Biodiversity, Islands and Anolis Lizards – Adam Algar

26th November 2012

Today we’re joined by Adam Algar who is talking about biodiversity, islands and Adams favourite anolis lizards!

Adam with Carl and George in the studio!


Our first topic is islands, you may think you know about these since most of us live on one, but islands have proved to be pretty important when it comes to determining things such as biodiversity and evolution.Darwins Finches

Adam actually researches islands, and more specifically lizards, leading him to work in the Caribbean and the canary islands. Lizards to tend to live in warm areas so he’s got pretty lucky! Islands by definition are a singular block of land with no easy in/out for a lizard, this means the research is easier out there.

Adam used a process adaptive radiation, this is the evolution of ecological and phenotypic diversity within a rapidly multiplying lineage – thanks Wikipedia! A good example of this is Darwins Finches shown on the right.

Anolis Lizards

Anolis lizards are something that Adam particularly researches, they are a great example of adaptive radiation and Adam “fishes” for the lizards takes particular note of their temperature for his research.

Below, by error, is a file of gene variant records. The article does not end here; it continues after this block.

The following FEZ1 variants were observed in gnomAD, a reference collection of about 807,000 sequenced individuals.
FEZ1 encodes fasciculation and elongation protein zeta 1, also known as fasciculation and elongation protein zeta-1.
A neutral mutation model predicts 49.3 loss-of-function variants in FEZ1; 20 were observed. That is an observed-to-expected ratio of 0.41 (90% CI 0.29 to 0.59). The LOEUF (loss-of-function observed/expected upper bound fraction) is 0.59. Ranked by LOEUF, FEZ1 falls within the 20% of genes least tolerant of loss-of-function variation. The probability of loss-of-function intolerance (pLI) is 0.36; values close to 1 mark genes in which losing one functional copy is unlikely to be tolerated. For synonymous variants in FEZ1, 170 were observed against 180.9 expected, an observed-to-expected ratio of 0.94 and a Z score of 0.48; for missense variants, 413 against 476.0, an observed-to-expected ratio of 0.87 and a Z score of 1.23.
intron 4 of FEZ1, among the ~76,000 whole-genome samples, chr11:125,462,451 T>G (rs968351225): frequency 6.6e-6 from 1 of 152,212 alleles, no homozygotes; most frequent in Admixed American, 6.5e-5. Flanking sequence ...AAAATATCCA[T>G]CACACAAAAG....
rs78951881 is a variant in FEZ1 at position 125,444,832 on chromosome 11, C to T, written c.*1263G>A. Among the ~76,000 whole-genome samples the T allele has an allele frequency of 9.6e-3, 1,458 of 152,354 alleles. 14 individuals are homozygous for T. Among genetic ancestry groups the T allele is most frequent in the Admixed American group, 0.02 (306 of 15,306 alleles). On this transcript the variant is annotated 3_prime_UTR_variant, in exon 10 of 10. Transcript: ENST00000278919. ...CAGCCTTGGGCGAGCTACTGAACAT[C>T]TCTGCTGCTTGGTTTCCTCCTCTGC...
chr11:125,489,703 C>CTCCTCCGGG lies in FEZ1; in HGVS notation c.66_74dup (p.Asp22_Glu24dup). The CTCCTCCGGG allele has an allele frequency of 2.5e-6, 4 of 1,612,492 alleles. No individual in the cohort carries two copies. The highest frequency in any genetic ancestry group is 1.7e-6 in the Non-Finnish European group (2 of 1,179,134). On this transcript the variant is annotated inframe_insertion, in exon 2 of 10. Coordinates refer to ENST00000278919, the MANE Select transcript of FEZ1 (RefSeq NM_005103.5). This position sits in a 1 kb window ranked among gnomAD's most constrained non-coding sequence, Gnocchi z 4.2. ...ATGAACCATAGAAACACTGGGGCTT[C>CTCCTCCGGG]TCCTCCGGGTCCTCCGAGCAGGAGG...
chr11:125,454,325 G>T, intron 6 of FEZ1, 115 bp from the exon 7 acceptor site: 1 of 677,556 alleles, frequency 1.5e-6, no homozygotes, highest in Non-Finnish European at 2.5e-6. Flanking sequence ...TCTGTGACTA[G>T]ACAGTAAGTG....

They are very small lizards, some smaller than your little finger and at the largest the length of your forearm and live mostly in the trees. They’re famous to having evolved to use different parts of the tree, varying from the trunk to the twigs. In the lab people have discovered that the difference in leg length is why they live in certain areas of the tress, shorter legs and they live in the twigs, longer legged varieties live lower down.

There is a toss up between a lizard warming up and operating at below its perfect temperature, the more they sit out warming up the more they are at risk, and the less food they can catch. Sometimes they’ll trade off between the two.

An interesting feature of the Anolis lizard is the fact it has a ‘double chin’. The dewlap is not unique to the Anolis lizard, but it is particularly known for it.

These are used for a few different reasons. The first and possibly most obvious is to show off to females in part of a mating ritual. The other is to show to another male lizard to ward them off a territory.